Scientists Find a New Kind of Photosynthesis

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There was a type of chlorophyll which was discovered a few years back and it’s now changing the limits of the usual photosynthesis. It also talks about a brand new role of this pigment.

The study was conducted by Imperial College London and has shown a brand new unique mix of biochemistry that can possibly have application for the life on Earth, but also on other planets.

In the process of constructing building blocks of glucose, plants and cyanobacteria mix carbon dioxide with water and also use the sunlight to combine their atoms to form DNA. When it comes to converting photons that are shining down from above in actual chemical bounds, it is required to use a protein called chlorophyll-a, which absorbs flavors of light essentially while it reflects the colors blue, green and purple. This is why the plants have the green color.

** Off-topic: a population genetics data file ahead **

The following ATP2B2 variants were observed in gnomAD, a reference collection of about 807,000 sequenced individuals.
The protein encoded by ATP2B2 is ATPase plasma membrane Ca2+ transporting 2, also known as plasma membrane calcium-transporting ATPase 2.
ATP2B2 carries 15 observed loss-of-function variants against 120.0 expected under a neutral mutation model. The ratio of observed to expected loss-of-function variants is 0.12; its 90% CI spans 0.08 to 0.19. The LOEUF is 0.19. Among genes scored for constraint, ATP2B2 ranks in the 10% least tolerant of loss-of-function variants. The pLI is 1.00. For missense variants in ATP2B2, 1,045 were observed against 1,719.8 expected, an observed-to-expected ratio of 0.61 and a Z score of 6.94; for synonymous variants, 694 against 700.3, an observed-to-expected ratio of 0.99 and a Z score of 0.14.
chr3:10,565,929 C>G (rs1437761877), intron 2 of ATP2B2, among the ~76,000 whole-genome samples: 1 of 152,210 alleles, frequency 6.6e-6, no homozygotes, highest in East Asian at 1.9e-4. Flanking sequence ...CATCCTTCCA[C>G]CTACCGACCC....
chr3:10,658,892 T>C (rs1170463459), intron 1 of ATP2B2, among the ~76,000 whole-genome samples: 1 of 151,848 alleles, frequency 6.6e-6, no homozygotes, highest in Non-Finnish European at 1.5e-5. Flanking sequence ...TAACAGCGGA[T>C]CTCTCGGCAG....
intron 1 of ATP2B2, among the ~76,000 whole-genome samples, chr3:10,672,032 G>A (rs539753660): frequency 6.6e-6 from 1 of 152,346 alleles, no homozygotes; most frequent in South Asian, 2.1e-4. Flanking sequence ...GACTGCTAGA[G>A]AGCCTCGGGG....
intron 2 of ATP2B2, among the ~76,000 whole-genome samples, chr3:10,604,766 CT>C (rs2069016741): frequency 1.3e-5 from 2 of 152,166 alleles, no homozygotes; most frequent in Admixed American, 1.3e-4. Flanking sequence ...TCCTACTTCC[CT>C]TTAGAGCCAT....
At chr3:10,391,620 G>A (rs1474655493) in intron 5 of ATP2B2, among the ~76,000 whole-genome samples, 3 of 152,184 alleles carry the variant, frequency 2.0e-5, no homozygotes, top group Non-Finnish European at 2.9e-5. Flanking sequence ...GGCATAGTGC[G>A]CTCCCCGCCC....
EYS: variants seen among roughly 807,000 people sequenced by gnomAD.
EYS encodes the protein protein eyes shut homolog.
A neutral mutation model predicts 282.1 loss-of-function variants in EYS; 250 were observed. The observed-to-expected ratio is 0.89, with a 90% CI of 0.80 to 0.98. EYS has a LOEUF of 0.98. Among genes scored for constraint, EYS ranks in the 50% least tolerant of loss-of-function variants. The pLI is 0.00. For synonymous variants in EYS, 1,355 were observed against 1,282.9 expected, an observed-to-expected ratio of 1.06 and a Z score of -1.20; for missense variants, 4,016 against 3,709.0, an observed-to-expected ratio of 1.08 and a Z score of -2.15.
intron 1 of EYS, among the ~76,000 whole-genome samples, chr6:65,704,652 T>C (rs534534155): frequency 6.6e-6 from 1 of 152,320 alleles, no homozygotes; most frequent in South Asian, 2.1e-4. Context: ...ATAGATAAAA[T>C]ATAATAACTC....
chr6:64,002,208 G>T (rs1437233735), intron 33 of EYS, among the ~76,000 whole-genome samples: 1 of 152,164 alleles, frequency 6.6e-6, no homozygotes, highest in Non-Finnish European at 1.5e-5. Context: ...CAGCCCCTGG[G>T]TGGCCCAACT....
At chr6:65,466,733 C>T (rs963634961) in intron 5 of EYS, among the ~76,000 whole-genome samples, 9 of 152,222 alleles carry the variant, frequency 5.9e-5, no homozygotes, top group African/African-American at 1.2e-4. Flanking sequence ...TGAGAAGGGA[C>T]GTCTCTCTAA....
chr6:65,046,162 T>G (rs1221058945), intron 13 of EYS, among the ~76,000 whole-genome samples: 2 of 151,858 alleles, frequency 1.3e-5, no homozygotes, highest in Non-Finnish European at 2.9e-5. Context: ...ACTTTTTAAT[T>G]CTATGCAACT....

About Chlorophyll-a

Chlorophyll-a can be found in almost everything that makes this photosynthesis process and it’s understandable that the red limit is universal. Some studies have shown that the boundary extends to organisms that grow on other worlds. This means that the red limit is taken as an indicator of the possibility for other worlds to maintain photosynthetic organisms.

About Chlorophyll-f

This whole thing actually changes in 2013, when a cyanobacterium which was named Acaryochloris marina, was proved to have another type of chlorophyll, which was cataloged “d”. It was shown that it could also soak wavelengths 40 nanometres longer than the type a could. After this, it was discovered a chlorophyll-f, which is a pigment that pushed the size of wavelengths that an organism could absorb over 760 nanometres. However, chlorophyll-f makes up about 10% of the pigments that collect light in the photosystems that it was found in.


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